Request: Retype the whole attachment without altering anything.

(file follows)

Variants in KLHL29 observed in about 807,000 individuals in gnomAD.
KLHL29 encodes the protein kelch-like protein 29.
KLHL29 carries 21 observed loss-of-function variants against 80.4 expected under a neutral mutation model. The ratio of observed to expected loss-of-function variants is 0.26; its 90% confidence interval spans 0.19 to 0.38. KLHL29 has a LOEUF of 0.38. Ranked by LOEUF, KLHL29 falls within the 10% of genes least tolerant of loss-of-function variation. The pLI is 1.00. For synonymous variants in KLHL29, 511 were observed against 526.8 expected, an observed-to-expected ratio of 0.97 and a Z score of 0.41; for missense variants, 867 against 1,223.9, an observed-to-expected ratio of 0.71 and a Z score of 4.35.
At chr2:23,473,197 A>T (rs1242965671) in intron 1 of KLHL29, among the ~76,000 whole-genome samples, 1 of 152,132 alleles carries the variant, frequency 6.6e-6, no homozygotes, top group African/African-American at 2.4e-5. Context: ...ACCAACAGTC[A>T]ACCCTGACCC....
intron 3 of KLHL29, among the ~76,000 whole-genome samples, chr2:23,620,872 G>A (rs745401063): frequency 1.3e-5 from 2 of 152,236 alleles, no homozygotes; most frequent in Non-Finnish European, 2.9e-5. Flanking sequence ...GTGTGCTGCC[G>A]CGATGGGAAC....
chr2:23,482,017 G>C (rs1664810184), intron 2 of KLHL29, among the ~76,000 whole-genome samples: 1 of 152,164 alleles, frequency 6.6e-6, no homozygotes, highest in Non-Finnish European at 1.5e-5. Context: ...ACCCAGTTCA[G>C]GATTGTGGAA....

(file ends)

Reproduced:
Variants in KLHL29 observed in about 807,000 individuals in gnomAD.
KLHL29 encodes the protein kelch-like protein 29.
KLHL29 carries 21 observed loss-of-function variants against 80.4 expected under a neutral mutation model. The ratio of observed to expected loss-of-function variants is 0.26; its 90% confidence interval spans 0.19 to 0.38. KLHL29 has a LOEUF of 0.38. Ranked by LOEUF, KLHL29 falls within the 10% of genes least tolerant of loss-of-function variation. The pLI is 1.00. For synonymous variants in KLHL29, 511 were observed against 526.8 expected, an observed-to-expected ratio of 0.97 and a Z score of 0.41; for missense variants, 867 against 1,223.9, an observed-to-expected ratio of 0.71 and a Z score of 4.35.
At chr2:23,473,197 A>T (rs1242965671) in intron 1 of KLHL29, among the ~76,000 whole-genome samples, 1 of 152,132 alleles carries the variant, frequency 6.6e-6, no homozygotes, top group African/African-American at 2.4e-5. Context: ...ACCAACAGTC[A>T]ACCCTGACCC....
intron 3 of KLHL29, among the ~76,000 whole-genome samples, chr2:23,620,872 G>A (rs745401063): frequency 1.3e-5 from 2 of 152,236 alleles, no homozygotes; most frequent in Non-Finnish European, 2.9e-5. Flanking sequence ...GTGTGCTGCC[G>A]CGATGGGAAC....
chr2:23,482,017 G>C (rs1664810184), intron 2 of KLHL29, among the ~76,000 whole-genome samples: 1 of 152,164 alleles, frequency 6.6e-6, no homozygotes, highest in Non-Finnish European at 1.5e-5. Context: ...ACCCAGTTCA[G>C]GATTGTGGAA....